Cutaneous Larval Migrans from Hookworms

Have wonderings? Ask in the comment section.

Is Your Vet Any Good?

July 13, 2014 By: Dr. K Category: Opinion

You’ve found a veterinarian who jives with your personality but wonder – Is she competent at providing the best care possible for your pet? There’s more than one way to practice veterinary medicine and provide good care. Then there are some practices that fail at the basics. I’ve assembled a non-exclusive list of what to look for to assure your practice meets the standard of care and a few red flags that tell you to take your business elsewhere.

Standard of Care

Cleanliness. All veterinary practices can have that odor from time to time, but it should not look dirty. If they can’t keep the waiting room clean, what do you think the surgery suite looks like?

Vaccinations. The widely accepted core vaccinations for dogs include Rabies and Distemper/Adenovirus/Parainfluenza/Parvovirus. Leptospirosis vaccines are part of the core dependent on where you live. Lyme and Bordetella vaccines are dependent on the individual’s risk factor and should not be administered to every patient. Core cat vaccinations include Rabies, Feline Viral Rhinotracheitis/Calicivirus/Panleukopenia, and for kittens, Feline Leukemia vaccine. The leukemia vaccine is only given to adult cats who go outdoors. Vaccination schedules are variable based on the individual states law regarding Rabies vaccination. Is your vet offering a Giardia vaccine? Coronavirus vaccine? FIV vaccine? Think again as these vaccines are recommended against by the AVMA and AAHA.

Stool samples, Heartworm, and Flea/Tick prevention. Your veterinary hospital’s job is to ensure you and your pet stay healthy. Proper parasite prevention is crucial, as a number of intestinal parasites are communicable to humans and disease carrying ticks can hitch a ride indoors on your pet. All pets should have routine screenings and preventatives they protect the pet and public health.

Pain management. If your new practice does not offer pain management with surgical procedures you need to find a new practice. The absence of pain management is barbaric and antiquated and shows the veterinary office is not following current guidelines and recommendations from governing bodies such as the AVMA and AAHA.

In-house diagnostics. Well functioning veterinary hospitals can perform radiographs and basic blood work and can easily acquire needle samples of lumps and bumps. I heard of one veterinary practice that does not perform fine needle aspirates of lumps and instead refers all of them. It takes very little skill to collect a sample, therefore even if your vet doesn’t read them herself, submitting the sample to the pathologist is the only other reasonable approach.  In addition, ear cytologies, skin cytologies, and urinalysis round out the list of diagnostics I expect all veterinary practices to perform.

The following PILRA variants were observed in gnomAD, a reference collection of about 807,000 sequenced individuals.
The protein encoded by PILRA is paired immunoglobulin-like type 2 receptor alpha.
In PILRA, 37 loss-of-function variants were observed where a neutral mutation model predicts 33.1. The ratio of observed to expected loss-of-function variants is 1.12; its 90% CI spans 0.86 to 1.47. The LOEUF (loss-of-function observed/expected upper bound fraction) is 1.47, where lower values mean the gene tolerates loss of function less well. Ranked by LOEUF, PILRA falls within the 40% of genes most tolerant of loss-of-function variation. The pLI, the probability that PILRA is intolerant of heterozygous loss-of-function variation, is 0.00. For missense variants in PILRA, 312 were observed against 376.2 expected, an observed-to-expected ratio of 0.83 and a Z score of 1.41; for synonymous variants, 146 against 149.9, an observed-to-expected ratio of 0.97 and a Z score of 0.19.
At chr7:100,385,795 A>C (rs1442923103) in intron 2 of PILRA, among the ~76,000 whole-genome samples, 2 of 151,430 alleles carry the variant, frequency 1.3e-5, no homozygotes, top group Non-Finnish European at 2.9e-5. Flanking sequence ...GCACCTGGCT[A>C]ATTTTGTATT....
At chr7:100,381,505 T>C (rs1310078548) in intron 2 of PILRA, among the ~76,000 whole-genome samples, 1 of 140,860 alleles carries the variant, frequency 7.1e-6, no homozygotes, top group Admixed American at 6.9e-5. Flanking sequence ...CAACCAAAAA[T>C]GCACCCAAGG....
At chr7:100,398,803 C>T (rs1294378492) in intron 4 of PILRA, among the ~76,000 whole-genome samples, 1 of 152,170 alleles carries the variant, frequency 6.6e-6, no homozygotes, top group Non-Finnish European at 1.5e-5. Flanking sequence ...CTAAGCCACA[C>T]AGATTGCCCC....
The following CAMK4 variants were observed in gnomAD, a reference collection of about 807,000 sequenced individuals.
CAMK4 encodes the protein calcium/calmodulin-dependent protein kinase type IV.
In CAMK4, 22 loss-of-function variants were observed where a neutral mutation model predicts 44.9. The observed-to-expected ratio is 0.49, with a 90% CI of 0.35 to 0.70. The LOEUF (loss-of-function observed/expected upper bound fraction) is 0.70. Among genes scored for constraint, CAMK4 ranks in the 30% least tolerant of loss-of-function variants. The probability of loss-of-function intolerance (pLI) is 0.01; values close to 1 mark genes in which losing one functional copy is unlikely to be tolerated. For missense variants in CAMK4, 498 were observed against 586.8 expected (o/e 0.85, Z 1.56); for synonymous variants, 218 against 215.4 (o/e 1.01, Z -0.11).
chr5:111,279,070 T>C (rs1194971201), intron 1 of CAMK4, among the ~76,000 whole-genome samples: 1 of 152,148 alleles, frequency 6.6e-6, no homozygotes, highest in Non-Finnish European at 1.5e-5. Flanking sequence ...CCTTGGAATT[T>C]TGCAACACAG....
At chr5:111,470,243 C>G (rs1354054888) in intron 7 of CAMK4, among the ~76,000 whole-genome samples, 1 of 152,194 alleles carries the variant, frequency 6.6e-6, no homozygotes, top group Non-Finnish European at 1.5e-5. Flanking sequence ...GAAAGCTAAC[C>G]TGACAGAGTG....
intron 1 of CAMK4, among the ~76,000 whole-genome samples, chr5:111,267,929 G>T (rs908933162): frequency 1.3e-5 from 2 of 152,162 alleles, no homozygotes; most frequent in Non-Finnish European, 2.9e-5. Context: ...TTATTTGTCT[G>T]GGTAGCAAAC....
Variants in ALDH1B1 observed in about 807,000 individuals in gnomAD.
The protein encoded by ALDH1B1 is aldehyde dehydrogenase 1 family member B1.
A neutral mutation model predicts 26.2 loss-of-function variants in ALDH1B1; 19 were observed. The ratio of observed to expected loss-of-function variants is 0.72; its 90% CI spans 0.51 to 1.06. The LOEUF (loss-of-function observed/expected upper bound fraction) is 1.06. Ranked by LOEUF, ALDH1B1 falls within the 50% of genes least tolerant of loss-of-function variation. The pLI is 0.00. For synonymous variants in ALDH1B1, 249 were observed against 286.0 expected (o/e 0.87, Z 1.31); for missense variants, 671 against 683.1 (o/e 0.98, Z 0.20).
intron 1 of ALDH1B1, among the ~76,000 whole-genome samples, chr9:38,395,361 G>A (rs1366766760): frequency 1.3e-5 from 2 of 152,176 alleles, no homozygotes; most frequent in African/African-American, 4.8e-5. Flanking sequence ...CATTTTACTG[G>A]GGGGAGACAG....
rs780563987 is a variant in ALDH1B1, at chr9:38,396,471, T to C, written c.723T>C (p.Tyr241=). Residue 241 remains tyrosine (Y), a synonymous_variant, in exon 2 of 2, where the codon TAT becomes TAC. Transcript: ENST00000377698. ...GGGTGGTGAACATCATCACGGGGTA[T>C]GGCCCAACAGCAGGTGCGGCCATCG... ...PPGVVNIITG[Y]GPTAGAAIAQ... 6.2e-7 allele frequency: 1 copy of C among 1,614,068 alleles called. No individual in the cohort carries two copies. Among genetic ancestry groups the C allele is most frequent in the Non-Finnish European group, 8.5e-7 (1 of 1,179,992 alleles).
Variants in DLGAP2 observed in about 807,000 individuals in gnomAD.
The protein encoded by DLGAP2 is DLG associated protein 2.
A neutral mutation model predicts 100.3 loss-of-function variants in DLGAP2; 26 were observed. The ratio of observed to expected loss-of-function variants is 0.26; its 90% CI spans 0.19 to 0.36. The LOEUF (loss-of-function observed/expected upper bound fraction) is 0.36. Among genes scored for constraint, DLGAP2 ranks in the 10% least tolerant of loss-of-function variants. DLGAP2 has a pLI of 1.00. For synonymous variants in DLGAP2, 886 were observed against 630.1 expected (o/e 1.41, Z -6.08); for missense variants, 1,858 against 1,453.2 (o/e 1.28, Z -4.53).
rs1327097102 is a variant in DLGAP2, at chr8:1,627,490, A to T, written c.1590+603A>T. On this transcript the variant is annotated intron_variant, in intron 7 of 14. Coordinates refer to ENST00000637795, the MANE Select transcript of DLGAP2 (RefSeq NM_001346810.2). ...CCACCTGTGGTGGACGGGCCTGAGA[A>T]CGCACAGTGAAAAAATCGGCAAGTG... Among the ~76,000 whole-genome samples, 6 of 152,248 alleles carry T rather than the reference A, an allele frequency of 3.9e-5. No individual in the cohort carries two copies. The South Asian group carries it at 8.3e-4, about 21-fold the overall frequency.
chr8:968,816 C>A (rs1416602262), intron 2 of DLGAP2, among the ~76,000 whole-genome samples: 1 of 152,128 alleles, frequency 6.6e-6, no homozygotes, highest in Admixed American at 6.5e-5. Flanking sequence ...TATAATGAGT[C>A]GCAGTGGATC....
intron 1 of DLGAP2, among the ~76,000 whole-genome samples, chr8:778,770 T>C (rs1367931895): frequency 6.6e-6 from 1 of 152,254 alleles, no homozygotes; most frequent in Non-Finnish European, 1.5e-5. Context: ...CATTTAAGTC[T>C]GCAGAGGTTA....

Referral. Will your vet refer you to a specialist when it’s warranted? Referring complex cases for a more comprehensive work-up after you have exhausted their diagnostics is always in the patient’s best interest. Lack of referral reveals either an ego or financial issue.

Red Flags

Mean or disgruntled front-desk staff. My experience has shown that the receptionist staff is the canary in the coalmine for the temperature of the practice. If the front desk is unwelcoming and unaccommodating when you come in, it spells T-R-O-U-B-L-E with the rest of the staff.

Mean or disgruntled veterinarian. Sometimes we have a bad day but part of our job is to turn on our happy face with every appointment. If a vet can’t fake it for a 15 minute appointment block, we don’t deserve your business.

Hospitalization of patients overnight without supervision. This is tricky if you’re live in a rural area with no other options. However, I can attest  animals hospitalized overnight for “medical care” with no staff frequently experience the following complications: laying in urine/feces overnight, occlusion of intravenous fluids, and chewing out incisions and IV catheters with subsequent bleeding. Rarely animals with IV fluid lines can strangle themselves. If there is a referral or emergency hospital nearby, your pet will have more comfort and safety with a transfer to a 24 hour care facility.  If your pet will stay at a hospital that is unsupervised overnight, it is a veterinary hospital’s duty to alert you to the risks associated with doing so.